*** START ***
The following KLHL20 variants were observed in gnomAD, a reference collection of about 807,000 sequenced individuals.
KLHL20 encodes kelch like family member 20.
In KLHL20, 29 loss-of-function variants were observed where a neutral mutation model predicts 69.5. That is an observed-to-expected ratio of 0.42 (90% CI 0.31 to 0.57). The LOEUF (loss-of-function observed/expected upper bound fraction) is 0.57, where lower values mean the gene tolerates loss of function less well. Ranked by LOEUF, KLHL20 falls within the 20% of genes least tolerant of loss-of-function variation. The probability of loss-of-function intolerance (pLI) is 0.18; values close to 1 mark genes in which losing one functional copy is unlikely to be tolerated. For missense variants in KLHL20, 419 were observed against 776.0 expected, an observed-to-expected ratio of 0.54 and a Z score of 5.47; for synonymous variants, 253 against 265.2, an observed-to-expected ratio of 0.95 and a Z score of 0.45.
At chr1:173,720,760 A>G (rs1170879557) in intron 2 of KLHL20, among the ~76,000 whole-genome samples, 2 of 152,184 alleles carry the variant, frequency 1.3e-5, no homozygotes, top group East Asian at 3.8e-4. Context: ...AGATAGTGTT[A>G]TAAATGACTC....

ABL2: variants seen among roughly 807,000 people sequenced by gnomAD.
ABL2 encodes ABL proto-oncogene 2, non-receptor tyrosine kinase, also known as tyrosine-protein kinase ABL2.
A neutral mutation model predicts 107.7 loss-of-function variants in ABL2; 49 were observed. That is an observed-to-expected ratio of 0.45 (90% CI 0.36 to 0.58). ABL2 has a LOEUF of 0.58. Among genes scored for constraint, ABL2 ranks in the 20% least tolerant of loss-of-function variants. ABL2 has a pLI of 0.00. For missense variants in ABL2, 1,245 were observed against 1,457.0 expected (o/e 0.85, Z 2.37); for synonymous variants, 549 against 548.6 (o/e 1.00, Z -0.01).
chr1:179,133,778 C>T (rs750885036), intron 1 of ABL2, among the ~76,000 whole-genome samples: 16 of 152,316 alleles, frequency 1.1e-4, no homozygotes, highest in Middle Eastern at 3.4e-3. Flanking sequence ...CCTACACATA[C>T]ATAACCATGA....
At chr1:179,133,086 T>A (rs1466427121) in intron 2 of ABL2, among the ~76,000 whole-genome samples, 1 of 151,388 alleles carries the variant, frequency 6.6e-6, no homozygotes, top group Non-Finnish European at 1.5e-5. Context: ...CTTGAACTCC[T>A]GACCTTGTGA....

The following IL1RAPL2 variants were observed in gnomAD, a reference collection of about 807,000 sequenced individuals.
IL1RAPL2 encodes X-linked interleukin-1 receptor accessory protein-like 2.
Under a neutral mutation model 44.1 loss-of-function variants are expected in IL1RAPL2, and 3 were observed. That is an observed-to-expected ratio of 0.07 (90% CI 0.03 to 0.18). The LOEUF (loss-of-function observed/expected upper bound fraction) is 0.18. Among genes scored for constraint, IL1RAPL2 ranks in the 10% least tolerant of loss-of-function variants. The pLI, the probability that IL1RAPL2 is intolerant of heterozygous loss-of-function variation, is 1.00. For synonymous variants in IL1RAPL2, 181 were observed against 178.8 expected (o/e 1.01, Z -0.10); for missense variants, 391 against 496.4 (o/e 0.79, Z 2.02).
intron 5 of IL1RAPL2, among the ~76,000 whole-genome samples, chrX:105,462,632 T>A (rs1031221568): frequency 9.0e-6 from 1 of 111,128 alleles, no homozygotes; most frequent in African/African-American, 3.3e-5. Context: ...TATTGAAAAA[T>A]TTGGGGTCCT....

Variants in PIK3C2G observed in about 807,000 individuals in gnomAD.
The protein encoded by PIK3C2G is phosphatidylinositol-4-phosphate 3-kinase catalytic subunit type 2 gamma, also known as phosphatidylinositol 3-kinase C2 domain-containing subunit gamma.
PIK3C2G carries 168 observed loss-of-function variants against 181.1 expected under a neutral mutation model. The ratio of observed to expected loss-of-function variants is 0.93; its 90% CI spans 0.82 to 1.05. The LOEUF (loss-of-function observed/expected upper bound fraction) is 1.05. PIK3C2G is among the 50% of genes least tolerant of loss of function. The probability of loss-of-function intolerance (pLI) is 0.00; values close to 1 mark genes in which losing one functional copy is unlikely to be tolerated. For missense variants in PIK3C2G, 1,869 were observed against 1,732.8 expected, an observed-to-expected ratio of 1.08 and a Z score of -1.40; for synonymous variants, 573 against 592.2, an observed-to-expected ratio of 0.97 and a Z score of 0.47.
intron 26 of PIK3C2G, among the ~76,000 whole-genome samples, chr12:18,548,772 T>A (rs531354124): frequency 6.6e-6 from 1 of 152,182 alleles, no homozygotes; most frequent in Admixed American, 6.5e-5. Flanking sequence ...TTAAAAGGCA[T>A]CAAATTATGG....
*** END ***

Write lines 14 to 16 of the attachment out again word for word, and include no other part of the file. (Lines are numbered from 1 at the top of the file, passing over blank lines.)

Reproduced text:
Variants in PIK3C2G observed in about 807,000 individuals in gnomAD.
The protein encoded by PIK3C2G is phosphatidylinositol-4-phosphate 3-kinase catalytic subunit type 2 gamma, also known as phosphatidylinositol 3-kinase C2 domain-containing subunit gamma.
PIK3C2G carries 168 observed loss-of-function variants against 181.1 expected under a neutral mutation model. The ratio of observed to expected loss-of-function variants is 0.93; its 90% CI spans 0.82 to 1.05. The LOEUF (loss-of-function observed/expected upper bound fraction) is 1.05. PIK3C2G is among the 50% of genes least tolerant of loss of function. The probability of loss-of-function intolerance (pLI) is 0.00; values close to 1 mark genes in which losing one functional copy is unlikely to be tolerated. For missense variants in PIK3C2G, 1,869 were observed against 1,732.8 expected, an observed-to-expected ratio of 1.08 and a Z score of -1.40; for synonymous variants, 573 against 592.2, an observed-to-expected ratio of 0.97 and a Z score of 0.47.